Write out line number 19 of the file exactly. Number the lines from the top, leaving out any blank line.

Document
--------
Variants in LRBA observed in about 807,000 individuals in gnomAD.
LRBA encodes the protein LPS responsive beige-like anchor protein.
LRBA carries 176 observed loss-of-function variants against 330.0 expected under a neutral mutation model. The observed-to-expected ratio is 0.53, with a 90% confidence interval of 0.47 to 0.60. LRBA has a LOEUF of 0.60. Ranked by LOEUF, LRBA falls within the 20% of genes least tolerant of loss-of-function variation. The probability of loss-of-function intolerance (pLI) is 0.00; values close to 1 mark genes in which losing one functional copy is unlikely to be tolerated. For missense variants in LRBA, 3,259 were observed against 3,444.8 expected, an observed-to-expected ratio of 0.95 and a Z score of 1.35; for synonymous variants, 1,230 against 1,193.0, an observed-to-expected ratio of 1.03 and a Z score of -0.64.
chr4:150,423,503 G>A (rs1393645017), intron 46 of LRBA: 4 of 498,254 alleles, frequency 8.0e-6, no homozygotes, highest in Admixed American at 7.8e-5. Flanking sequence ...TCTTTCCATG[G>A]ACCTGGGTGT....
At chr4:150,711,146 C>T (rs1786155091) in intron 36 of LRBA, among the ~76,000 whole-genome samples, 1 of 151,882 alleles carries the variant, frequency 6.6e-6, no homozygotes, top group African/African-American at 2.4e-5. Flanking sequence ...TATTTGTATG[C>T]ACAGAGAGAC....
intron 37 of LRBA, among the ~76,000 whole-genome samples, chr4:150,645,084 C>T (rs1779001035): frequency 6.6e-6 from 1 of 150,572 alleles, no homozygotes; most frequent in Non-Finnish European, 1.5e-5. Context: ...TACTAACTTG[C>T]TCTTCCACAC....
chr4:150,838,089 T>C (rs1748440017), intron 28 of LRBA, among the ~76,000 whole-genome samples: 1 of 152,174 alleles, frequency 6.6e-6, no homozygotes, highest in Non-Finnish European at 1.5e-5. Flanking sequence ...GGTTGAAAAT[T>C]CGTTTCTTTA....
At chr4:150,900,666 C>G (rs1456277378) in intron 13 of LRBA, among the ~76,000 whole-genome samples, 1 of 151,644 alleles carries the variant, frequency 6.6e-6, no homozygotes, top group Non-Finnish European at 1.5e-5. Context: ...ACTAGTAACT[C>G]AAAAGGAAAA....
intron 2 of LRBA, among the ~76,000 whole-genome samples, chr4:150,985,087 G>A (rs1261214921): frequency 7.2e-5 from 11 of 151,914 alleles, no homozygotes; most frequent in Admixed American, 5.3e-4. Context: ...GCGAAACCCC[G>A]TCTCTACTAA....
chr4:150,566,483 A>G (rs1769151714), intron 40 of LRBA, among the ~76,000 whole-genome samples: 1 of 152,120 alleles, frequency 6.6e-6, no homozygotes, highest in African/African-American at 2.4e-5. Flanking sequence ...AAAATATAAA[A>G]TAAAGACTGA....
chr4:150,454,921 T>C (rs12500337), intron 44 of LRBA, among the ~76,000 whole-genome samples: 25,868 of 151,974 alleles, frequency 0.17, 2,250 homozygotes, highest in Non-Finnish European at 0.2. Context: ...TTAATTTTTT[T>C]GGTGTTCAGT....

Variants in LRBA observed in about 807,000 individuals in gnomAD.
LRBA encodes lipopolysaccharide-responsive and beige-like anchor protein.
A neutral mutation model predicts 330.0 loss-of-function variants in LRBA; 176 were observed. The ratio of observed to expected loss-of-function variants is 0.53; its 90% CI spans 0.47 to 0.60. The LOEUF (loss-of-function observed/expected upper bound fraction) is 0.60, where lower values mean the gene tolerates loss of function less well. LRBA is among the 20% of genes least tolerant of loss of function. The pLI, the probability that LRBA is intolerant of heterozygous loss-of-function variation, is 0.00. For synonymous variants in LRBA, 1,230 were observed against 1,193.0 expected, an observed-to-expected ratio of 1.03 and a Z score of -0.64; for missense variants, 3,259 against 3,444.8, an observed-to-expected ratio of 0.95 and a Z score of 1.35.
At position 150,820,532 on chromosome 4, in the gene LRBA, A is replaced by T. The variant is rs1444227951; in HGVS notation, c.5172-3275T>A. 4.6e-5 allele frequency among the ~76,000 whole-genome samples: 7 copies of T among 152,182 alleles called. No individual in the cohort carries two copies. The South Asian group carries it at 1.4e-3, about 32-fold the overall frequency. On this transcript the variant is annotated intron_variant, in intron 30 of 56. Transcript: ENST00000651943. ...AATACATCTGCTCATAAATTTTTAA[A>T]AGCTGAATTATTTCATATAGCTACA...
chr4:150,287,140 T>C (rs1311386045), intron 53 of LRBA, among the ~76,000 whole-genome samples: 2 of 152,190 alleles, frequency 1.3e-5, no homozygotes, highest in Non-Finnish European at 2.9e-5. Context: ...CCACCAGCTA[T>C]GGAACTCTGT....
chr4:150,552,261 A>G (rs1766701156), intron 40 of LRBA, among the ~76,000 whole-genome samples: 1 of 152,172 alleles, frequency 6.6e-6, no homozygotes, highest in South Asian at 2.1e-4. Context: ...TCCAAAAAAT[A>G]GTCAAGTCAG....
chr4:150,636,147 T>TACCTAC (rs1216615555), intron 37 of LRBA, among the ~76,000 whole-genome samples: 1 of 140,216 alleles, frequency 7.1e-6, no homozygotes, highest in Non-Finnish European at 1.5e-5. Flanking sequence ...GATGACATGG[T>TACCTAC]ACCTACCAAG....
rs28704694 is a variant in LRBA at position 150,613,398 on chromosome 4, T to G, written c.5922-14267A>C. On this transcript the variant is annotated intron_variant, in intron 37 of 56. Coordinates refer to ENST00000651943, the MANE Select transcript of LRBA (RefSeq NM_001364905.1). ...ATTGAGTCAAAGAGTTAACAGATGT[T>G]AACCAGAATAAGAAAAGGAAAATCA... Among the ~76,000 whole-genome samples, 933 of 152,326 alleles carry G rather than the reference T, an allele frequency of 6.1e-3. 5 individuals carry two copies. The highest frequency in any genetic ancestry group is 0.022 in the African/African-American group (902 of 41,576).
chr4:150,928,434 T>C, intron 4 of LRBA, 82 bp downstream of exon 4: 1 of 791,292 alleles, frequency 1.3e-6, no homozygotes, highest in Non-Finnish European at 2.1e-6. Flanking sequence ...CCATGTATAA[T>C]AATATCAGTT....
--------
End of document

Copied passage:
rs28704694 is a variant in LRBA at position 150,613,398 on chromosome 4, T to G, written c.5922-14267A>C. On this transcript the variant is annotated intron_variant, in intron 37 of 56. Coordinates refer to ENST00000651943, the MANE Select transcript of LRBA (RefSeq NM_001364905.1). ...ATTGAGTCAAAGAGTTAACAGATGT[T>G]AACCAGAATAAGAAAAGGAAAATCA... Among the ~76,000 whole-genome samples, 933 of 152,326 alleles carry G rather than the reference T, an allele frequency of 6.1e-3. 5 individuals carry two copies. The highest frequency in any genetic ancestry group is 0.022 in the African/African-American group (902 of 41,576).